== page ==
Teaching a Sociopath to Cry

Think about how you’re made of water. Think about the moon and tides and about gravity’s long attraction. Think about that water you’re made of being sung to the surface. Think about it being pulled to the lower portion of your eyes in a tide of emotion.

Don’t think about your eyes getting wet and shiny. You’re not a puppy dog on a sympathy card. You’re not a cartoon rabbit. You’re not a statuette bookend. You’re not your older sister.

You’re a person. You’re a human.

As far as anybody knows.

The Salt Line (Excerpt)

Chapter One

The burn was the first rite of passage. The brochures had warned them about this much.

It was Day 1 of the three-week training camp, 6:00 a.m. sharp, and Edie sat with Jesse on the gymnasium floor among a circle of sleep-slurred bodies, all of them clad in the regulation black athletic suit, their names piped across their hearts in silver-threaded cursive.

Aletheia (Excerpt)

Chapter 1

When old man Zabriskie got sick and privately offered his manor house, including its very own island, to the first man who would shoot him in the head, it was Frankie Harpur who stepped up to the plate. Frankie Harpur—shell-shocked war veteran one minute, Lord of the Manor the next.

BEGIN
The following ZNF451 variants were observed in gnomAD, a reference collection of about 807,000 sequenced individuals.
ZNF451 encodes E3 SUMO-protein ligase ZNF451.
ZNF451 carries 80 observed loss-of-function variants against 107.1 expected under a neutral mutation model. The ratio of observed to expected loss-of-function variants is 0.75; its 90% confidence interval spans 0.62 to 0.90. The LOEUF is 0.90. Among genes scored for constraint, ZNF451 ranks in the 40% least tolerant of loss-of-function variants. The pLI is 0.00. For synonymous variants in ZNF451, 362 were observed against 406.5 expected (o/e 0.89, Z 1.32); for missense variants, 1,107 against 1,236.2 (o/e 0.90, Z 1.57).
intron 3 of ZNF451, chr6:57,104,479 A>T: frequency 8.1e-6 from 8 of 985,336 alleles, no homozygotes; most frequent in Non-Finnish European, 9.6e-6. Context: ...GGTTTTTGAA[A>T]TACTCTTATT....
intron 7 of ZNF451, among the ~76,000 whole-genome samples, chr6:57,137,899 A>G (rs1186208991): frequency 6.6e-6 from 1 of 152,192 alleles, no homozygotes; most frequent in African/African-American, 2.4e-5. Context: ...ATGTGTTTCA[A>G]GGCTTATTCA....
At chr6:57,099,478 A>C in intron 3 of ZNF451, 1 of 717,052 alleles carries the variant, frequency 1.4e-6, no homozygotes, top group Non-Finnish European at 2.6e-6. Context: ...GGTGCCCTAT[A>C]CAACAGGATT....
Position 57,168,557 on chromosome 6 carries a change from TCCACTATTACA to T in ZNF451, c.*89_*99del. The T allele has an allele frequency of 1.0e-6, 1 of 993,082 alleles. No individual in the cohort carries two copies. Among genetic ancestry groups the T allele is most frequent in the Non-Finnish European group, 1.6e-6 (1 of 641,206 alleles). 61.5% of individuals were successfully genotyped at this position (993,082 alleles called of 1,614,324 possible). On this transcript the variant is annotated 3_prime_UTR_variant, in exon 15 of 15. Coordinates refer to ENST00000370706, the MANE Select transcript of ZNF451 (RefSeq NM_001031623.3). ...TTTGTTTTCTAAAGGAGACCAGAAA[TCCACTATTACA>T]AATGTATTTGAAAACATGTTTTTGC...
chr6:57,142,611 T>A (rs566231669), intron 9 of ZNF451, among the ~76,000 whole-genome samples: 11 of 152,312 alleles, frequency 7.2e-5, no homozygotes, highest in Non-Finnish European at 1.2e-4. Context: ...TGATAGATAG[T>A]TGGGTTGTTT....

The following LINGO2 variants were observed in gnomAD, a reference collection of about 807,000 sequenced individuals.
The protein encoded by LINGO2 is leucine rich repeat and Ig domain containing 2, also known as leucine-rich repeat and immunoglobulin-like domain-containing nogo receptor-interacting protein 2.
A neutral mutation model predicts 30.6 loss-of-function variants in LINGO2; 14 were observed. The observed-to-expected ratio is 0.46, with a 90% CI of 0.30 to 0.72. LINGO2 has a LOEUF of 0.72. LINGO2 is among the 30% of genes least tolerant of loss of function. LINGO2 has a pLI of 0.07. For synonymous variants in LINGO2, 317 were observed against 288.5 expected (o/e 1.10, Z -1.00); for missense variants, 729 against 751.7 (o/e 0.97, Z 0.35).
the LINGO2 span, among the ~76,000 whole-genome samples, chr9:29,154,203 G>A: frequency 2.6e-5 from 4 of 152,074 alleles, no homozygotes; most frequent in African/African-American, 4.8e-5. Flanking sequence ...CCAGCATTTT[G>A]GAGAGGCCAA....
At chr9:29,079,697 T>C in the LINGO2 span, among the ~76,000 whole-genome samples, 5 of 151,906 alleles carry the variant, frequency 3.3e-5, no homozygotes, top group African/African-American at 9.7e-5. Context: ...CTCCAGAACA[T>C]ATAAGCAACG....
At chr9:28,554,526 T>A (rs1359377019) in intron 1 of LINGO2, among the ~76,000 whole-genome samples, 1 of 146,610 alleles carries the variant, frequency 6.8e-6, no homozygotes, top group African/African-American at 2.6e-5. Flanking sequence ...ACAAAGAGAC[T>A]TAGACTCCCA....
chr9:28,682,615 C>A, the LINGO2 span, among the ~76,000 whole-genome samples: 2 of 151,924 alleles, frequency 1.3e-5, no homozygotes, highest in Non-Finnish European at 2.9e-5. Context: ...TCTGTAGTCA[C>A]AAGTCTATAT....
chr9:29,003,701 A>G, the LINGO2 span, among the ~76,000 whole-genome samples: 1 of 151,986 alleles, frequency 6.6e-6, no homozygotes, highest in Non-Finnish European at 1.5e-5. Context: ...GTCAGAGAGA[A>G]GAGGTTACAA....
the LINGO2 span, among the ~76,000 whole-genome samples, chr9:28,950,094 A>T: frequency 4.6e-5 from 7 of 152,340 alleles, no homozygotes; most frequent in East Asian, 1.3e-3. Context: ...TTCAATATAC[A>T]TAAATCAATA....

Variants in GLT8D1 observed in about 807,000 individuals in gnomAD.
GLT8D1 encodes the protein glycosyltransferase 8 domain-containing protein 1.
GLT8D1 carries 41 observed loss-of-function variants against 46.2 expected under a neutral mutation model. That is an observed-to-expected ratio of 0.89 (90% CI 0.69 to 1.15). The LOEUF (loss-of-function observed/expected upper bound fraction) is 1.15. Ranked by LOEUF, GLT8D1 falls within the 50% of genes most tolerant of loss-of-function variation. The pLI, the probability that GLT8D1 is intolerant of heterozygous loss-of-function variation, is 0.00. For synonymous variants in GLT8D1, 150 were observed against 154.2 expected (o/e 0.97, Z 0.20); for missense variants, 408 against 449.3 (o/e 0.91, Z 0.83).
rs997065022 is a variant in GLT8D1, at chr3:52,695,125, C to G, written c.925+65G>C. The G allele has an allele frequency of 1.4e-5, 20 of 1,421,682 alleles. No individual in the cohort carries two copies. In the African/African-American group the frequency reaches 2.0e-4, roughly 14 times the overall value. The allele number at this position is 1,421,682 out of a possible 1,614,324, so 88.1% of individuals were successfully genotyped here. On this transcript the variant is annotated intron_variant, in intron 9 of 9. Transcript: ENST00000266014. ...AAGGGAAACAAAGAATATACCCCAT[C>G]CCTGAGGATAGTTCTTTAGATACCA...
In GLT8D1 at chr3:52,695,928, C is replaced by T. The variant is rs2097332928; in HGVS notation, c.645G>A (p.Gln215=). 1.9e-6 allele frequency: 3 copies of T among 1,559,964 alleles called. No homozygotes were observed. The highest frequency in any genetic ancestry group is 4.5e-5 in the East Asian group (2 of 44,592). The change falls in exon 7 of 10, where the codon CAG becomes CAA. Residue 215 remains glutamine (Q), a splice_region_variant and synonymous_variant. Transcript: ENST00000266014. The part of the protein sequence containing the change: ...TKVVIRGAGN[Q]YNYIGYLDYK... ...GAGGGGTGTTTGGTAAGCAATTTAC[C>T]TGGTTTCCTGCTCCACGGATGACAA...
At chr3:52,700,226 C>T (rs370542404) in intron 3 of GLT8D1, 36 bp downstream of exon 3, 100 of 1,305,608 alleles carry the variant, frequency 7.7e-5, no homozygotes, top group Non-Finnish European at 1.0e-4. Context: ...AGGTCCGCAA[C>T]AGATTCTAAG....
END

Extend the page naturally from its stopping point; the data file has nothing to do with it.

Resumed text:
When the Lady Speaks

(Originally published in What Fates Impose.)


The first thing you need to know is this: She lies. They're pretty lies, tasting of raspberries and kaleidoscopes and promise, and she smiles when she spins her tales as if that makes it more acceptable. Others will tell you you're a fool for paying, for listening, for daring to believe a fortune teller, but you know in your heart of hearts that they're the fools because lies are often just another variation of the truth.

The truth is, her lies have nothing to do with you.


Ink and Fur

The tip of the quill scratches its way across the parchment, a sound that sets my teeth on edge.

One might think I’d be used to it by now. The black marks it leaves in its wake make no sense to me—indeed the entire book makes no sense—then again, I am a mere copyist and mine’s not to question why. Although I do.


Much to my father’s despair.

Second Chances

(Originally published in After the People Lights Have Gone  Off.)


The lab director called Maddy in right before lunch.

“It’s too soon,” he told her. “You need time to grieve.”

“Maddy blinked and studied a statuette on the second shelf behind him. It was a bowling trophy. She had never suspected Dr. Corinth of bowling. This meeting was a revelation.


(Originally published in PANK.)

There's a certain kind of man who goes for damaged girls. He does the double take when he spots me from across the room. He spies the filtered grey that clouds my gaze and he doesn't look away. A man like that is a travel magazine in a hospital waiting room. You could go anywhere, see anything, but you'd never want to waste the money. Still, he stares. He smiles lightly. My chest tingles and I want to breathe in deep.

The things I'd do if I could, but I know better.

I always run.


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